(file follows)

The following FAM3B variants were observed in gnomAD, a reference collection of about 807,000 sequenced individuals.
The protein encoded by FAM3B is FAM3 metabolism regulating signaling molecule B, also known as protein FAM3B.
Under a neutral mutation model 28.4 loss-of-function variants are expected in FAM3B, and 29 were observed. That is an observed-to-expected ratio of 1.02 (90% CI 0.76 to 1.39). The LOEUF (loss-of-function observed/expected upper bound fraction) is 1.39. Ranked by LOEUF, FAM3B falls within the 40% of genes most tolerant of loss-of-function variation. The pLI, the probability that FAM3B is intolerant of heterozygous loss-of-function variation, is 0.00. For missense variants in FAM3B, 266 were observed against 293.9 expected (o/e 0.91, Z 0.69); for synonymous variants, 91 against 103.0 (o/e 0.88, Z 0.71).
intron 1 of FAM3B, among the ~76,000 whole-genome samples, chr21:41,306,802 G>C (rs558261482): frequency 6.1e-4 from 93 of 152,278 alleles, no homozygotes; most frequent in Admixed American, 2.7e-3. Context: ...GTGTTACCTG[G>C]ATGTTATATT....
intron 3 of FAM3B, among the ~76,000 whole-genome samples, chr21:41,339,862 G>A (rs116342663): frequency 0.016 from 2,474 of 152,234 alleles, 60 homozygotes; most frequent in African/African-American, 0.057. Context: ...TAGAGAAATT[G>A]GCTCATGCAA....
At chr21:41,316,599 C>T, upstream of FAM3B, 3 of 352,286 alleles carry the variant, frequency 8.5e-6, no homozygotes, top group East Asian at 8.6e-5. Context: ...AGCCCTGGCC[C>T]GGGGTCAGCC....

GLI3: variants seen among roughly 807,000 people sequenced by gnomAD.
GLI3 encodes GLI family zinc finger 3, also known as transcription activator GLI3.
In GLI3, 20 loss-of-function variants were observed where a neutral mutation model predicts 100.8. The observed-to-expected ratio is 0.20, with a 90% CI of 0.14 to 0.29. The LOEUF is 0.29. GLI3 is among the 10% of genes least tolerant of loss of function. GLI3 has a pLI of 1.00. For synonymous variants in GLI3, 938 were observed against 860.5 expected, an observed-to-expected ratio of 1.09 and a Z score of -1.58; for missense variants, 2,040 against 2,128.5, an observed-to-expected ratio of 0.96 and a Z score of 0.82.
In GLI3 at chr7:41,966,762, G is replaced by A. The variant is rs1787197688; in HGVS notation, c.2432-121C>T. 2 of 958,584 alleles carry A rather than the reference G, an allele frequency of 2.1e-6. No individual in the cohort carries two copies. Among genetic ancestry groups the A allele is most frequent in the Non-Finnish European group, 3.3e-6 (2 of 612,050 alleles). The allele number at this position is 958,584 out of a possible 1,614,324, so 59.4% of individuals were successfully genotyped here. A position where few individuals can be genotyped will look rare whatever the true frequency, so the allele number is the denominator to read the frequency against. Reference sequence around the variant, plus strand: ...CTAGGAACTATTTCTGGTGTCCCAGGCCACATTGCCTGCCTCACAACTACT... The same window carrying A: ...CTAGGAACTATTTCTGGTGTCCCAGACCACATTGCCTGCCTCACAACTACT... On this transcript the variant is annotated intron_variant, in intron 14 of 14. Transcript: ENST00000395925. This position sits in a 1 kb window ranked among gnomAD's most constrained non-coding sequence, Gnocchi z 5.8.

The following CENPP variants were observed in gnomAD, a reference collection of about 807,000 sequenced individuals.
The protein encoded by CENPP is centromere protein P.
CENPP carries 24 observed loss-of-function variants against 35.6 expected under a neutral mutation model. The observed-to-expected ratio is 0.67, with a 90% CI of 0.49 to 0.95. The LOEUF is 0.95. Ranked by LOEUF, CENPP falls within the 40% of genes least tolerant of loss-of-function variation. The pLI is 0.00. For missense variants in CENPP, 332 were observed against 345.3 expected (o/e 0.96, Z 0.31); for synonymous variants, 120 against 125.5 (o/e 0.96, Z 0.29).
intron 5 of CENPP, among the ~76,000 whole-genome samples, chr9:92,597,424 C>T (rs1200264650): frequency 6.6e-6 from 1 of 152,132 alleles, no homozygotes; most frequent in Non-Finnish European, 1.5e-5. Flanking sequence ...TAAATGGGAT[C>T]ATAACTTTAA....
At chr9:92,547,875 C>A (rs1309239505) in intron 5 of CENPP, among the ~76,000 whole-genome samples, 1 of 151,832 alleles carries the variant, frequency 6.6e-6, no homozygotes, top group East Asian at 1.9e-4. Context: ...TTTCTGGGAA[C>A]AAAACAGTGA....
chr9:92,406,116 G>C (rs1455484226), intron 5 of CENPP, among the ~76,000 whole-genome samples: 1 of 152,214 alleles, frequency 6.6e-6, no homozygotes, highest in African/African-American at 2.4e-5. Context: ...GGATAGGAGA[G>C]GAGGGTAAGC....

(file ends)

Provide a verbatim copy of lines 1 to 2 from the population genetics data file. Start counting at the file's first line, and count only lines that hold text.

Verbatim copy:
The following FAM3B variants were observed in gnomAD, a reference collection of about 807,000 sequenced individuals.
The protein encoded by FAM3B is FAM3 metabolism regulating signaling molecule B, also known as protein FAM3B.